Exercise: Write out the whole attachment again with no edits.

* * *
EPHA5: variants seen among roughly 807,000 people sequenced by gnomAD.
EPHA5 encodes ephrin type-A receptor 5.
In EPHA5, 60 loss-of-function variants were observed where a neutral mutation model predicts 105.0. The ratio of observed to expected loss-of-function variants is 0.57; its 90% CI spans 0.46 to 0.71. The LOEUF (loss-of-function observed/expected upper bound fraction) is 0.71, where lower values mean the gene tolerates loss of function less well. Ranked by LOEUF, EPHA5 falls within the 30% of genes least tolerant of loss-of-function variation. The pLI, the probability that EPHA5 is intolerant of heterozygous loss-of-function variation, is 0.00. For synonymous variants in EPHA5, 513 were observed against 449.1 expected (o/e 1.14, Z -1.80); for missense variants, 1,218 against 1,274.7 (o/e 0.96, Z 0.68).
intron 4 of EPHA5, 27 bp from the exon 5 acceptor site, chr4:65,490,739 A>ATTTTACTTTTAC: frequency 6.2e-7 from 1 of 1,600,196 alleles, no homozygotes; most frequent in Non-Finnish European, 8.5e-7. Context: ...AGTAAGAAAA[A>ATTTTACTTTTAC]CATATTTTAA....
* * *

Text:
EPHA5: variants seen among roughly 807,000 people sequenced by gnomAD.
EPHA5 encodes ephrin type-A receptor 5.
In EPHA5, 60 loss-of-function variants were observed where a neutral mutation model predicts 105.0. The ratio of observed to expected loss-of-function variants is 0.57; its 90% CI spans 0.46 to 0.71. The LOEUF (loss-of-function observed/expected upper bound fraction) is 0.71, where lower values mean the gene tolerates loss of function less well. Ranked by LOEUF, EPHA5 falls within the 30% of genes least tolerant of loss-of-function variation. The pLI, the probability that EPHA5 is intolerant of heterozygous loss-of-function variation, is 0.00. For synonymous variants in EPHA5, 513 were observed against 449.1 expected (o/e 1.14, Z -1.80); for missense variants, 1,218 against 1,274.7 (o/e 0.96, Z 0.68).
intron 4 of EPHA5, 27 bp from the exon 5 acceptor site, chr4:65,490,739 A>ATTTTACTTTTAC: frequency 6.2e-7 from 1 of 1,600,196 alleles, no homozygotes; most frequent in Non-Finnish European, 8.5e-7. Context: ...AGTAAGAAAA[A>ATTTTACTTTTAC]CATATTTTAA....